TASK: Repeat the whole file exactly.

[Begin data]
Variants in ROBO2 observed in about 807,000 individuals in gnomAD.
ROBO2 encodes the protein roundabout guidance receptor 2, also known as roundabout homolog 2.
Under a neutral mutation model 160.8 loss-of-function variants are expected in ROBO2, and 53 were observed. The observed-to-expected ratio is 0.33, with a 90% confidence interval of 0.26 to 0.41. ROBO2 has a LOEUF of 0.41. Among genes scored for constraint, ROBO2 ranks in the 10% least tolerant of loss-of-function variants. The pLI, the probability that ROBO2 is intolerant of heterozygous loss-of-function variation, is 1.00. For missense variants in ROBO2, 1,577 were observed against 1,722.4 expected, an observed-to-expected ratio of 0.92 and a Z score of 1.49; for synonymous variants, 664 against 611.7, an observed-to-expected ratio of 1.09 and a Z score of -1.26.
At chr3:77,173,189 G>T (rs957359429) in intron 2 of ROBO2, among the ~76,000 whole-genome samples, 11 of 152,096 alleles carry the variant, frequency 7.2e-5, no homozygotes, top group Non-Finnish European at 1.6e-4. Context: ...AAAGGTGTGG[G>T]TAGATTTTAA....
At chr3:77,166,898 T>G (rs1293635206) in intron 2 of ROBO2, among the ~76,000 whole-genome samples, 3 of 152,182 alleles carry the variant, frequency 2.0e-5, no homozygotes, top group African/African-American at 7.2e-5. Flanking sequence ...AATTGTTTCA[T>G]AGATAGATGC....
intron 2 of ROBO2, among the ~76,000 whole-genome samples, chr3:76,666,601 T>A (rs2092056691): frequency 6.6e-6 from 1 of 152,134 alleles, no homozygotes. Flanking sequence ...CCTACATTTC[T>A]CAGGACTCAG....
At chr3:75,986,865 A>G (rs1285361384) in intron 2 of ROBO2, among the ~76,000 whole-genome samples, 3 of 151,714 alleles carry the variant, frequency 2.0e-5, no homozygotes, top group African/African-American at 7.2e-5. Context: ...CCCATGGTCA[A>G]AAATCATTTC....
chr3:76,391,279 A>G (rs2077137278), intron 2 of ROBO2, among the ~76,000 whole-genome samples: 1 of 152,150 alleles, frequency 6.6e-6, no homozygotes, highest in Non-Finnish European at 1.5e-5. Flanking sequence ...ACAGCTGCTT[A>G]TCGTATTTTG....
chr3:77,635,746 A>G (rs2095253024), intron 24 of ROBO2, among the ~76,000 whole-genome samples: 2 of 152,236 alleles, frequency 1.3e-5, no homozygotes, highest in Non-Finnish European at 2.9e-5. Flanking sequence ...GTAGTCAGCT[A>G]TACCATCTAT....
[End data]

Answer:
Variants in ROBO2 observed in about 807,000 individuals in gnomAD.
ROBO2 encodes the protein roundabout guidance receptor 2, also known as roundabout homolog 2.
Under a neutral mutation model 160.8 loss-of-function variants are expected in ROBO2, and 53 were observed. The observed-to-expected ratio is 0.33, with a 90% confidence interval of 0.26 to 0.41. ROBO2 has a LOEUF of 0.41. Among genes scored for constraint, ROBO2 ranks in the 10% least tolerant of loss-of-function variants. The pLI, the probability that ROBO2 is intolerant of heterozygous loss-of-function variation, is 1.00. For missense variants in ROBO2, 1,577 were observed against 1,722.4 expected, an observed-to-expected ratio of 0.92 and a Z score of 1.49; for synonymous variants, 664 against 611.7, an observed-to-expected ratio of 1.09 and a Z score of -1.26.
At chr3:77,173,189 G>T (rs957359429) in intron 2 of ROBO2, among the ~76,000 whole-genome samples, 11 of 152,096 alleles carry the variant, frequency 7.2e-5, no homozygotes, top group Non-Finnish European at 1.6e-4. Context: ...AAAGGTGTGG[G>T]TAGATTTTAA....
At chr3:77,166,898 T>G (rs1293635206) in intron 2 of ROBO2, among the ~76,000 whole-genome samples, 3 of 152,182 alleles carry the variant, frequency 2.0e-5, no homozygotes, top group African/African-American at 7.2e-5. Flanking sequence ...AATTGTTTCA[T>G]AGATAGATGC....
intron 2 of ROBO2, among the ~76,000 whole-genome samples, chr3:76,666,601 T>A (rs2092056691): frequency 6.6e-6 from 1 of 152,134 alleles, no homozygotes. Flanking sequence ...CCTACATTTC[T>A]CAGGACTCAG....
At chr3:75,986,865 A>G (rs1285361384) in intron 2 of ROBO2, among the ~76,000 whole-genome samples, 3 of 151,714 alleles carry the variant, frequency 2.0e-5, no homozygotes, top group African/African-American at 7.2e-5. Context: ...CCCATGGTCA[A>G]AAATCATTTC....
chr3:76,391,279 A>G (rs2077137278), intron 2 of ROBO2, among the ~76,000 whole-genome samples: 1 of 152,150 alleles, frequency 6.6e-6, no homozygotes, highest in Non-Finnish European at 1.5e-5. Flanking sequence ...ACAGCTGCTT[A>G]TCGTATTTTG....
chr3:77,635,746 A>G (rs2095253024), intron 24 of ROBO2, among the ~76,000 whole-genome samples: 2 of 152,236 alleles, frequency 1.3e-5, no homozygotes, highest in Non-Finnish European at 2.9e-5. Flanking sequence ...GTAGTCAGCT[A>G]TACCATCTAT....